She was once known as the Minerve, a proud, 38-gun Armide-class frigate of the French Navy. Like Corona, she had been captured by the British during the Napoleonic Wars. Towed to Plymouth, she was refitted and renamed Alceste, for the queen who would be called upon to die in place of her husband, Admetus, one of Greek mythology’s Argonauts.
Perhaps this was an omen.
In 1807, before he was to wreck Daedalus, Captain Maxwell was given the command of Alceste. Instructed to go to the Mediterranean, Maxwell and his ship raided Spanish shipping carrying supplies for Napoleon’s armies. Their greatest success came during the Adriatic Campaign when Alceste intercepted a convoy of French frigates. After a heated battle, a large ship Pomone and an accompanying storage vessel carrying 200 cannon surrendered to Maxwell. The ships and cargo were sold for prize money. By 1812, Alceste had made her captain a wealthy man.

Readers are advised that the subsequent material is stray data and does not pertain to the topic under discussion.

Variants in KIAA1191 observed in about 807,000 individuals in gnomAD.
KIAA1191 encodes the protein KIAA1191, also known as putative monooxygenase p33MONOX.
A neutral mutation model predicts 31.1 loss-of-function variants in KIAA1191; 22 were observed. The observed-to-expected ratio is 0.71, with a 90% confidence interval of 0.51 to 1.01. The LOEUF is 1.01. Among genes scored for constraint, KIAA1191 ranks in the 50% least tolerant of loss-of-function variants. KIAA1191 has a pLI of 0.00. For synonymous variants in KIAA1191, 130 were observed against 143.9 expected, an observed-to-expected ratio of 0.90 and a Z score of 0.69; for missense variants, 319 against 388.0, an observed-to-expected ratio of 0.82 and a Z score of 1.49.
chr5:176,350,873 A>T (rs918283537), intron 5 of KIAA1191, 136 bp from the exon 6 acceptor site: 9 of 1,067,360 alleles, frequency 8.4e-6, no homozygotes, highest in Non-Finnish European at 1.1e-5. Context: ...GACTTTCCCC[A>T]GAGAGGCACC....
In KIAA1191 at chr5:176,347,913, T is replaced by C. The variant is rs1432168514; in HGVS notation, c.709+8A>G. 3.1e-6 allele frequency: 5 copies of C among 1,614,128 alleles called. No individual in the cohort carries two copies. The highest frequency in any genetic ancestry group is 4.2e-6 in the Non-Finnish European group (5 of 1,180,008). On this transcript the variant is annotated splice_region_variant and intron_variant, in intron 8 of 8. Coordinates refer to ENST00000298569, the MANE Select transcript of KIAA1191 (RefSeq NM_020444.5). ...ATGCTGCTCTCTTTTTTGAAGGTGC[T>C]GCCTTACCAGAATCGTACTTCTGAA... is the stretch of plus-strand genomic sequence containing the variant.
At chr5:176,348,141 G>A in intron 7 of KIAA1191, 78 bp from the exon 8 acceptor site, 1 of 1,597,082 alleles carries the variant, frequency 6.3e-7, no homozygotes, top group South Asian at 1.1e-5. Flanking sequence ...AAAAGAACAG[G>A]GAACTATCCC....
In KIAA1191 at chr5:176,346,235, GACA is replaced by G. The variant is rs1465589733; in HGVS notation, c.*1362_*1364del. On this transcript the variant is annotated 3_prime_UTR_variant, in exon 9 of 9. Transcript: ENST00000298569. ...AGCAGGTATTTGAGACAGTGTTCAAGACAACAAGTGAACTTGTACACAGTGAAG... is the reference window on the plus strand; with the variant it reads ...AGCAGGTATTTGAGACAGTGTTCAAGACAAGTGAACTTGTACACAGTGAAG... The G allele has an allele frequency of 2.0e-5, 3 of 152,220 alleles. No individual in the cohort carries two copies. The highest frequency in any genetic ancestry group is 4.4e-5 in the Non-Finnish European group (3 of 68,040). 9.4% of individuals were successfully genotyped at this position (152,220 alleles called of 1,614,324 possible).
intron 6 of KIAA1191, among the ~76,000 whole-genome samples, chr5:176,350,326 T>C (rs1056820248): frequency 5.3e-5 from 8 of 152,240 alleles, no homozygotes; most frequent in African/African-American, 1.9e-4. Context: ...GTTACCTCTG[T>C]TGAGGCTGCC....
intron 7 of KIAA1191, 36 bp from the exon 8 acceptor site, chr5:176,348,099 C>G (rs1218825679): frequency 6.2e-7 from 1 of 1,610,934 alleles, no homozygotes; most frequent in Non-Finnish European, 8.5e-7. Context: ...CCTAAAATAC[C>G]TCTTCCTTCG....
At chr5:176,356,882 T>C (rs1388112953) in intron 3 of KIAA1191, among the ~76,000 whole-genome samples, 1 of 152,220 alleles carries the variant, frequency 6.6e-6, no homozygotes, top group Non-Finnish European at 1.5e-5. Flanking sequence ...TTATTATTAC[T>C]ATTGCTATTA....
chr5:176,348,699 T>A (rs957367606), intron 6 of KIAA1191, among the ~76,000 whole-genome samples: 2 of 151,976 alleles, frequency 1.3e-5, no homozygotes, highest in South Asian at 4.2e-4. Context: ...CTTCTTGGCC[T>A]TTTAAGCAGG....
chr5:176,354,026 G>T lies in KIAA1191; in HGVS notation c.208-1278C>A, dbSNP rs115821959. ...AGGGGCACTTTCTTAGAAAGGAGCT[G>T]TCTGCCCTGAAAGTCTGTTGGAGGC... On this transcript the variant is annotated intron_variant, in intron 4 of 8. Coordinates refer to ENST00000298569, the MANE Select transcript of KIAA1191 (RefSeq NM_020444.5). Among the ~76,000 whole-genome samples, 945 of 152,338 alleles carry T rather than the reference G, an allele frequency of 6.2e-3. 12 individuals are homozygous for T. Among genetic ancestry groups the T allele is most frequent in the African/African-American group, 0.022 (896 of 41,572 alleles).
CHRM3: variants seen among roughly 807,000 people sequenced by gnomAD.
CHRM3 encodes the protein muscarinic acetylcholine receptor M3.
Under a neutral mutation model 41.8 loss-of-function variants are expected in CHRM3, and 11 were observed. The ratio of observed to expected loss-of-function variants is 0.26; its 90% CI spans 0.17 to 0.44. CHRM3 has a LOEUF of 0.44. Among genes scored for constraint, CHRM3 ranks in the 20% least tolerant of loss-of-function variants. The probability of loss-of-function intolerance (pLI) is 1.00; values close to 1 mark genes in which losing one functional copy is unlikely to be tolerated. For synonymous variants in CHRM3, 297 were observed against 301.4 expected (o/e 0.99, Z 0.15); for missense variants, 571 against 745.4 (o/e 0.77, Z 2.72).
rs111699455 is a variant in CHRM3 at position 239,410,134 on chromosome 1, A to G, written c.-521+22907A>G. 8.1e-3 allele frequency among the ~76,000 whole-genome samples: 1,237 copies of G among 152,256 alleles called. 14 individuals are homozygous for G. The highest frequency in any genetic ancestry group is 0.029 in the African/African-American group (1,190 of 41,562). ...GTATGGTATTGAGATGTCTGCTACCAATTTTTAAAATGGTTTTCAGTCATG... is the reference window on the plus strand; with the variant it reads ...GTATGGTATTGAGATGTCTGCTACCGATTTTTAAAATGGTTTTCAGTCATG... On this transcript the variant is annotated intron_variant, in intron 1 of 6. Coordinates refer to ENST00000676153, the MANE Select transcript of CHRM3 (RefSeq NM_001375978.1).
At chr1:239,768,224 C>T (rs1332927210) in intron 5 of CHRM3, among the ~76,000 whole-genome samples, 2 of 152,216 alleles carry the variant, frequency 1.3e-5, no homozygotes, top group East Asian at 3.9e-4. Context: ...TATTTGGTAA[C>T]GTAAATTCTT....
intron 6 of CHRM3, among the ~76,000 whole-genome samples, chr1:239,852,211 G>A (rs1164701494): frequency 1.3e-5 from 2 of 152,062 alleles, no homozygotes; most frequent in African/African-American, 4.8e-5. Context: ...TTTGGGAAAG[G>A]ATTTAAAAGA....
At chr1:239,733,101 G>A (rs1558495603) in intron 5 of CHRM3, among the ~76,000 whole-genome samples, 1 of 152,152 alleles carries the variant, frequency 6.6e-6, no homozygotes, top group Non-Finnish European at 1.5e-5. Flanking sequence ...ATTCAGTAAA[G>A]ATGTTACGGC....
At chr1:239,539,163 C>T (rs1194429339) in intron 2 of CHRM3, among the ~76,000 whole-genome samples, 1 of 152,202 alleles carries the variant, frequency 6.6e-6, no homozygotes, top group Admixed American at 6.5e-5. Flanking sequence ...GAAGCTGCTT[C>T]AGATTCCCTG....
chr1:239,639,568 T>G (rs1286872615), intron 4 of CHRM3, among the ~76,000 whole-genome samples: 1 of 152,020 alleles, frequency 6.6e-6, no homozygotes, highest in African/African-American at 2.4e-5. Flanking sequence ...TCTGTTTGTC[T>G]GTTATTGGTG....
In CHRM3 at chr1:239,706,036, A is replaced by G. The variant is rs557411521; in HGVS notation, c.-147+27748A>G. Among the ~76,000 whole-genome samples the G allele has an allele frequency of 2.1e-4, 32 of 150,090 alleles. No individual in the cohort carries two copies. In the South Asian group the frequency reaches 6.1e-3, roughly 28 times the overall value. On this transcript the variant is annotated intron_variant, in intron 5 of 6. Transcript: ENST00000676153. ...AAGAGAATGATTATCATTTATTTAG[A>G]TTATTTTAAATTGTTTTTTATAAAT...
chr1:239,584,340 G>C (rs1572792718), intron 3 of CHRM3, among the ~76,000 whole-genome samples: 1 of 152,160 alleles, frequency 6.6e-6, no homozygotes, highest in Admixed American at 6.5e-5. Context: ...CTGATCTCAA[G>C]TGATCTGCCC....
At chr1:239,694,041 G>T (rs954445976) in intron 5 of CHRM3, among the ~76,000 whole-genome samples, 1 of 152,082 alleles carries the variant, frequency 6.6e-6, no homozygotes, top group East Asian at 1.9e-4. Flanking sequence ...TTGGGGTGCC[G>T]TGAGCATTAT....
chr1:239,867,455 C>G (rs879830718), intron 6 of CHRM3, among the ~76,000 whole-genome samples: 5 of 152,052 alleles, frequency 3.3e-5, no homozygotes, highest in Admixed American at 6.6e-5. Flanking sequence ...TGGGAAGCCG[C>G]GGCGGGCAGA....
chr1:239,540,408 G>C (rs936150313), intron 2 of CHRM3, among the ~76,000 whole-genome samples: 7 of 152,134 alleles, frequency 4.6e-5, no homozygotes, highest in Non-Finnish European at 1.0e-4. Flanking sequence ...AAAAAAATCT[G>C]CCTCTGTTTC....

Who knows what might have been her fate had Maxwell gone down with the Daedalus the next year?
But he did not. A court martial proceeding cleared him from all blame for the loss of the former Corona. Captain Maxwell had money, friends–and a second chance with Alceste.
Lord Amherst was to go to China and establish relations with its emperor. He chose Captain Maxwell to transport him and his diplomatic mission. The captain was given command of Alceste once again. Unfortunately, Amherst’s mission was doomed to failure. As an Englishman, he had opposed one emperor in Europe and saw no reason to kowtow to another, refusing to offer tribute as to an overlord.
Angrily Alceste was directed to withdraw with her insulted passengers aboard, and sailed to the mouth of the Pearl River. There she was confronted by a blockade of junks. These were summarily disposed of by the frigate’s numerous cannon, the first shot marked with a note the said something like, “here’s your bloody tribute.”
With this parting shot, the Alceste set sail for England. The last peril she had to pass was the Gaspar Strait.